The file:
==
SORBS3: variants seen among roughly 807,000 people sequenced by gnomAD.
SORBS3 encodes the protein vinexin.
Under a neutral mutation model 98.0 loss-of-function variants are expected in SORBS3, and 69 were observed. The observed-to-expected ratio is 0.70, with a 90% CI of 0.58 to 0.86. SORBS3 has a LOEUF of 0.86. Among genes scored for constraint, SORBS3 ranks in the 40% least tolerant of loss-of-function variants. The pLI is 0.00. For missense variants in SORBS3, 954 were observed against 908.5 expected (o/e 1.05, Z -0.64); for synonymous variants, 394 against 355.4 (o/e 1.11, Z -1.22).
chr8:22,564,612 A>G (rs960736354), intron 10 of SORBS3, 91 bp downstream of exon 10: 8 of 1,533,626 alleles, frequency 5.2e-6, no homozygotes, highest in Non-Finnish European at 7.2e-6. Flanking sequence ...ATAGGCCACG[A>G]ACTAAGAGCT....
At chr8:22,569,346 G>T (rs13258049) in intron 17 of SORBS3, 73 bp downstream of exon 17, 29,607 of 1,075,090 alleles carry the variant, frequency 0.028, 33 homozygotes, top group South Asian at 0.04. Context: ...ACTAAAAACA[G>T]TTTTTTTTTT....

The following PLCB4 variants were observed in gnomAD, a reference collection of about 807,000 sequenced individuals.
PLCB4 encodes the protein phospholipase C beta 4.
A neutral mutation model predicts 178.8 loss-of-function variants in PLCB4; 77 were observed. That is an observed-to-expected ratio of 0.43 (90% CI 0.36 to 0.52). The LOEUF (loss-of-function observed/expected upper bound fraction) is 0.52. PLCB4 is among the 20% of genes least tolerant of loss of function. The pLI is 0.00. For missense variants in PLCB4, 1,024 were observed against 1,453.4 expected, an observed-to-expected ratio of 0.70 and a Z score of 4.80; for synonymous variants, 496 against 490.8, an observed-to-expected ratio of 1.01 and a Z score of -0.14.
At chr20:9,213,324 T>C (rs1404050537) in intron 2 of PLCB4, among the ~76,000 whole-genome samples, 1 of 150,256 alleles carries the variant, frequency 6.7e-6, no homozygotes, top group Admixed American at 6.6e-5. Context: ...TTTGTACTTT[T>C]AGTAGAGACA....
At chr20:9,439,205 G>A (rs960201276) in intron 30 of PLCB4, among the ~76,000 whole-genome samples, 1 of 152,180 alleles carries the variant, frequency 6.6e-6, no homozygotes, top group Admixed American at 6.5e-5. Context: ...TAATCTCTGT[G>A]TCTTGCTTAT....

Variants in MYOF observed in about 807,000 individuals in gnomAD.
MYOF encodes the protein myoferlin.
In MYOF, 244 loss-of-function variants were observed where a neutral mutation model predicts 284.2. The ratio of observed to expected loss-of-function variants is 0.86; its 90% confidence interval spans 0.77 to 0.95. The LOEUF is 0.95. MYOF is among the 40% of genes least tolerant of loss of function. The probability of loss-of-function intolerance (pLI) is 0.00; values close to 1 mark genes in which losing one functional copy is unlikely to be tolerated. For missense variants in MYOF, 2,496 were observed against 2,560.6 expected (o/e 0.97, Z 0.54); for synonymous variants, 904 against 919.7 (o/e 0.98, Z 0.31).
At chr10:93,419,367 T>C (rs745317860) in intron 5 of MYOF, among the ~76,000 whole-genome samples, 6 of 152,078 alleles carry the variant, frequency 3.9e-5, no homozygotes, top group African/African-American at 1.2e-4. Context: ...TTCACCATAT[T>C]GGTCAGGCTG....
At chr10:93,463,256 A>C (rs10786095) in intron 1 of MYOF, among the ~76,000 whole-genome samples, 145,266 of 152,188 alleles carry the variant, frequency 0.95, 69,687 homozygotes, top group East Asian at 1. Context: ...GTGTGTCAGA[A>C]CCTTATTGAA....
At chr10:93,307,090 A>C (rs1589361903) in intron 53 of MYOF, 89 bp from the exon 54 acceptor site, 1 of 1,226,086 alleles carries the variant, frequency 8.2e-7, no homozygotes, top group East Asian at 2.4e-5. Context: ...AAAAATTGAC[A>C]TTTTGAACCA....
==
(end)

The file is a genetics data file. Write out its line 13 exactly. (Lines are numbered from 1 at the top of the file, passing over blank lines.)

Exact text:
In MYOF, 244 loss-of-function variants were observed where a neutral mutation model predicts 284.2. The ratio of observed to expected loss-of-function variants is 0.86; its 90% confidence interval spans 0.77 to 0.95. The LOEUF is 0.95. MYOF is among the 40% of genes least tolerant of loss of function. The probability of loss-of-function intolerance (pLI) is 0.00; values close to 1 mark genes in which losing one functional copy is unlikely to be tolerated. For missense variants in MYOF, 2,496 were observed against 2,560.6 expected (o/e 0.97, Z 0.54); for synonymous variants, 904 against 919.7 (o/e 0.98, Z 0.31).